Video Resumes

Video Resumes

A couple of months ago I heard a story on NPR about what they called a new trend in job seeking: the video resume. To see what I’m talking about, just go to YouTube and do a search for “video resume” and you’ll get plenty. If you’re at work, try not to waste too much time at this point. The idea is that these folks are taking advantage of the falling prices in basic film making equipment to make movies of themselves where they review their qualifications and ask for jobs. I think it’s fair to say that production quality varies widely, but some of them are decent.

I’m of two minds on this. On the one hand, I’m a mildly geeky guy who loves technology, especially when used to solve old problems. And let’s be honest: this blog isn’t too many steps removed from the idea of a video resume. The main difference is that I’m not pro actively sending it out to prospective employers. And therein lies one of the problems my other hand has with this: it potentially circumvents whatever hiring and selection system you may have in place. Most resumes go through some kind of screening and cataloging so that the employer can prepare for government audits and identify those who report having the right skills. Video resumes, however, are precisely designed to make the candidates stand out from the sea of traditional resumes, and people probably aren’t mailing them to the HR department or attaching them to their electronic applications on your website. At least not primarily. You’re more likely to encounter video resumes from a hiring manager who sends you an e-mail saying “I saw this kid who put together this slick thing together. She’s even got a talking dog! I want to make her a Vice President.” In other words, they’re going to be a pain for whoever is supposed to be tracking all this stuff.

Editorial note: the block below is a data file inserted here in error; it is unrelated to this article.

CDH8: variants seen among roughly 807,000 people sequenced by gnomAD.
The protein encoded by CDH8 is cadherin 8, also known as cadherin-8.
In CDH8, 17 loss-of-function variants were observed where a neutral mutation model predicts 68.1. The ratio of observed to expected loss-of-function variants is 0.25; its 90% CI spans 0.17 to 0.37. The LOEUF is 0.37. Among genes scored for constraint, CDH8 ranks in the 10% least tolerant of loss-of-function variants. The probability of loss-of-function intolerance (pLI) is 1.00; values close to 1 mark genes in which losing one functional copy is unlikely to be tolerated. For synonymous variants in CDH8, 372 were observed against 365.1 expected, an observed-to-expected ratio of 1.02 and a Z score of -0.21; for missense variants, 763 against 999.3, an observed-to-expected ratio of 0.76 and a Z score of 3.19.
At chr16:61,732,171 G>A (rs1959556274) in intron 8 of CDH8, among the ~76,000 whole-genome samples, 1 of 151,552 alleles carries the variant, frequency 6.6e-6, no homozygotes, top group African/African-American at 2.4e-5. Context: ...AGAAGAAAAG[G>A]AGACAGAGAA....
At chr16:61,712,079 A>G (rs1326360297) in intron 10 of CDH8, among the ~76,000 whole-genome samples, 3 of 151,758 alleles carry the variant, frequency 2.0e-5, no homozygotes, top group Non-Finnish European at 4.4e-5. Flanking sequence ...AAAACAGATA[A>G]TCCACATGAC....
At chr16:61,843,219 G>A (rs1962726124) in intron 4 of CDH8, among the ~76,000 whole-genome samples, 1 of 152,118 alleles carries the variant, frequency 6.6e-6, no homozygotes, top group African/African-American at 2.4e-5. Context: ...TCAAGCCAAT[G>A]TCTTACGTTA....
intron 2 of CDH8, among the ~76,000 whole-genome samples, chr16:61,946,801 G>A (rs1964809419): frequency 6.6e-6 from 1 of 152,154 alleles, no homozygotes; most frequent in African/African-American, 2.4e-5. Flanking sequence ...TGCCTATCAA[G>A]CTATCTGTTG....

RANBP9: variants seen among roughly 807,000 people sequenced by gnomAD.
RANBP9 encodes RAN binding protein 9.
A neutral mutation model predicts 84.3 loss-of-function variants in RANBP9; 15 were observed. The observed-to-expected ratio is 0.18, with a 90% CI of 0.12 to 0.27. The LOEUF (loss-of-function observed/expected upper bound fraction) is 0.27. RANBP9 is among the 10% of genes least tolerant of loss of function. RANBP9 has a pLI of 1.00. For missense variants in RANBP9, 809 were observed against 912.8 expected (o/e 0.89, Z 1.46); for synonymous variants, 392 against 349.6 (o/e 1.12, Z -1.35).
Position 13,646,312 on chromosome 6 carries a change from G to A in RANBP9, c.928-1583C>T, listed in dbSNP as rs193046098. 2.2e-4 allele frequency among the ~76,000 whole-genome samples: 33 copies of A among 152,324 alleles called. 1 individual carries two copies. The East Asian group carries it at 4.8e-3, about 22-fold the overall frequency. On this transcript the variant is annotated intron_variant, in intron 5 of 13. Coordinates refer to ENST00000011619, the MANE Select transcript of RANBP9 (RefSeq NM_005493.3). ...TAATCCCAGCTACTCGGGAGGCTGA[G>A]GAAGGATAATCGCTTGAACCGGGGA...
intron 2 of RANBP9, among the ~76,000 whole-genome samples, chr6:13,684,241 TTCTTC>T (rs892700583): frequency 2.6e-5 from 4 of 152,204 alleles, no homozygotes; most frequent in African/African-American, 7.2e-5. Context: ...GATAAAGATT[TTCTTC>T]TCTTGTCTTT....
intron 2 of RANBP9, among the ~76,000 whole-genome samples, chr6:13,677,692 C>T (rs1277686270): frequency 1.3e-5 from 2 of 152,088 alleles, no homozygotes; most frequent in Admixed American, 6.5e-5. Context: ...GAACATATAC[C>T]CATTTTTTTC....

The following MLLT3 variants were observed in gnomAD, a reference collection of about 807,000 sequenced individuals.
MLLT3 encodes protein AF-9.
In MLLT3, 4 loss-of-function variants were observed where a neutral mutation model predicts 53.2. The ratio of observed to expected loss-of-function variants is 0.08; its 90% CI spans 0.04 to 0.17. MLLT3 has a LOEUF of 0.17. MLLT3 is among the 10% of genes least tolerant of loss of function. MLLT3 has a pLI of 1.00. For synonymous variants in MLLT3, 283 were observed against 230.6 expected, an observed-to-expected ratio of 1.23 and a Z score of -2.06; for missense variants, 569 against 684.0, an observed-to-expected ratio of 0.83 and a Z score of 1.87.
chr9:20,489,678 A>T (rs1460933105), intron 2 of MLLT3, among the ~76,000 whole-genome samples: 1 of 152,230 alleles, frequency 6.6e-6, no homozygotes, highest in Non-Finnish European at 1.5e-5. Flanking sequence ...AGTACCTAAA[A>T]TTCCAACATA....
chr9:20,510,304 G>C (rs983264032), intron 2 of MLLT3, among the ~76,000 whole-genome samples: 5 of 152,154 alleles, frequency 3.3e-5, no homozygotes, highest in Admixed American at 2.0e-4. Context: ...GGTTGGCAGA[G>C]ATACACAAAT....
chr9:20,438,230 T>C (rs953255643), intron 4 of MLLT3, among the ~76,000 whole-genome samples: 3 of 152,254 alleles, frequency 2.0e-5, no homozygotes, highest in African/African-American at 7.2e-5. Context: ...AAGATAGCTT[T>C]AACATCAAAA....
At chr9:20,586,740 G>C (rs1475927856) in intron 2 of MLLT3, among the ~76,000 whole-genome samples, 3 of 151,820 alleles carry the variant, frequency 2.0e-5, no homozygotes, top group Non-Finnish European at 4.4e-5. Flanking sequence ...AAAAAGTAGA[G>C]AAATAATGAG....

And what’s more, video resumes bring up a lot of concerns from the I-O Psychologist in me. First, they introduce all kinds of opportunities for bias based on appearance. Of course, one could argue that that’s going to happen in the face-to-face interview stage anyway, but I’d counter by saying that video resumes have the potential to exacerbate these biases and bring them out much sooner in the selection process. (There’s some interesting potential research questions here, by the way.) And unless you’re hiring a film director or editor, how slick and professional a person’s video looks is probably going to be irrelevant to the job, and making hiring decisions on such factors is inviting trouble. Of course, proponents of video resumes could then say that we deal with these same factors in resumes and dress. We’ve probably all seen poorly formatted resumes and inappropriate interview attire. True, but again it’s a matter of degree, and at the end of the day that’s what’s at the heart of my unease: lack of standardization. Wonderful, wonderful standardization.

The bottom line is that to make accurate and legally defensible hiring decisions you should only focus on job related information and ignore just about everything else. Standardizing the application process to elicit the most job related information and give everyone the same fair shake is the way to go, be it through resume screening, testing, structured interviews, or what have you. And besides, video resumes are only attractive right now because they’re novel. Imagine a world where they were more standardized and every one of the two hundred applicants for a single job sends in a seven minute (or longer) video for you to watch and evaluate. Your staffing department would erupt into flames and shrill cries for mutiny. Nobody wants that, even if it does mean I get to surf YouTube as part of my job.

2 Comments on “Video Resumes”

  1. Tom Schmidt says:

    I represent 2 cognitive scientists and 2 technologists who have very recently completed development of the “next gen” resume (it’s not video).
    It’s a blend of science and technology that I think most readers here will find very interesting.
    The science is 29 workplace personality dimensions from a five factor model assessment, and 54 workplace competencies.
    The technology is a digital signature applied to an MS Word document (candidate’s resume) to insure that the scientific content can not be edited or altered by the candidate or anyone else. Developing the “next gen” resume in MS Word insures that it can seamlessly integrate into past, present, and future hiring processes.
    A sample “next gen” resumefit can be picked up from our Home page at
    We invite subject matter experts to opine.
    Tom Schmidt / 847-924-2025

  2. scott says:

    I heard of a site call Video Resume
    Can this be the one?